Do Boys talk later than girls?

By Prapoorna M

Last Updated: May 19, 2023

Suppose you are a parent or caregiver of a male toddler. In that case, you might have experienced certain differences in your child’s language development. Though you tend to give it an overlook, your friend or a colleague or maybe some neighbour can remind you how talkative her daughter is, who has the same age as your son. Concerns are sure to rise when you find your colleague’s daughter or a neighbouring little girl of the same age talking much and having much vocabulary compared to your son. Are you wondering why boys talk later than girls or how late it takes before they are termed as having speech delay? Well, this article is exactly for you.

Is it true that boys talk later than girls?

Statistics suggest that boys talk later than girls. On average, girls acquire language skills faster during the first few years of life than boys. But this difference will be just a few months. There is a normal range within which a child develops age-appropriate speech skills. If a child has not started to speak more than ten words even after four years of age, then it is clear that the child is showing the symptoms of speech delay. 

Read more about on Speech and Language Milestones: 0 to 12 Months

Do boys talk later than girls? Speech therapy helps the child
Speech therapist helping the child in Communication

Why do boys talk later than girls?

Studies have shown that language development varies between genders. Commonly, a male child speaks later than a female child. During pregnancy, the prenatal testosterone hormone has a major role to play in male fetal neurodevelopment. This hormone is associated with language delay in male children.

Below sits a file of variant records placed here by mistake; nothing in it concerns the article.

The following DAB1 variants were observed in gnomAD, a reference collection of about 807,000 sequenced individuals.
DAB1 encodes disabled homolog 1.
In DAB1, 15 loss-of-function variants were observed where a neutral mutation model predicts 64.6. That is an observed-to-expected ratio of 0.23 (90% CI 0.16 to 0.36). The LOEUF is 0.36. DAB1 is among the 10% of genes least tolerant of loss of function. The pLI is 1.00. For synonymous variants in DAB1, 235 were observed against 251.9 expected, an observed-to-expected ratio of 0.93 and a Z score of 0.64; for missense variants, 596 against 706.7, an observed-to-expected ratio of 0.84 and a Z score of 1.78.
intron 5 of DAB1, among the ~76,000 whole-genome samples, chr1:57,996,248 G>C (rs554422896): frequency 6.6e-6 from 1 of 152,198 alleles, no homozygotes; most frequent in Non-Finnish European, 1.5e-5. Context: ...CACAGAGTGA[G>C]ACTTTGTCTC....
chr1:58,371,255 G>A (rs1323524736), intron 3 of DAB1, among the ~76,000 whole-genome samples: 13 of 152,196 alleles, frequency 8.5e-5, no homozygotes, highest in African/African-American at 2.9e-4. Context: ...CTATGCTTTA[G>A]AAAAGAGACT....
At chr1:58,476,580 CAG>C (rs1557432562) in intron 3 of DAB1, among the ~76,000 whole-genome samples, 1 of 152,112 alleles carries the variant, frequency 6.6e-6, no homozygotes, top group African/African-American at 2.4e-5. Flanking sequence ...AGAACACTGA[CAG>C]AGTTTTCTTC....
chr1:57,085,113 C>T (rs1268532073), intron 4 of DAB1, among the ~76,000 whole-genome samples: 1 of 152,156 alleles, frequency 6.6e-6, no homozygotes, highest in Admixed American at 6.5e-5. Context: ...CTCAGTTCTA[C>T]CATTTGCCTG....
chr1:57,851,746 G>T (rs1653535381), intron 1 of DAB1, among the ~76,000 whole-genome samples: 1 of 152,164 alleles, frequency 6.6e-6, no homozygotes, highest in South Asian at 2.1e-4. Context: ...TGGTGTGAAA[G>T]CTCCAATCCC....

According to research conducted by Andrew Whitehouse of the University of Western Australia, Males exposed to the highest levels of prenatal testosterone are more prone to language delay than females. In fact, for females, these hormones act as a protective factor.

Speech Development in Boys vs. Girls

FeatureBoysGirlsDetailed Explanation
Average Age of First WordsSlightly later than girlsSlightly earlier than boysGirls often start speaking their first words a few months earlier than boys. This difference is typically noticeable around the one-year mark, with girls generally beginning to verbalize recognizable words before their male counterparts.
Impact of Prenatal HormonesTestosterone may delay speechHormones may act as a protective factorTestosterone, prevalent in male fetuses, has been linked to speech and language delays. For girls, the absence of high levels of prenatal testosterone and the presence of other hormones may contribute to a developmental environment that supports earlier language acquisition.
Play PreferencesTend to play alone (cars, trucks)Group play (dolls, kitchen sets)Boys are often observed playing with toys that encourage solitary play, focusing on mechanical functions or activities. Girls, conversely, engage more in group play, using toys that stimulate social interaction and verbal communication.
Social InteractionMay engage less in imitative playOften engage in imitative playBoys might show less interest in imitative play, which involves mimicking social interactions and conversational patterns. Girls are more inclined towards imitative play, frequently mimicking adult conversations and social roles, which enhances language skills.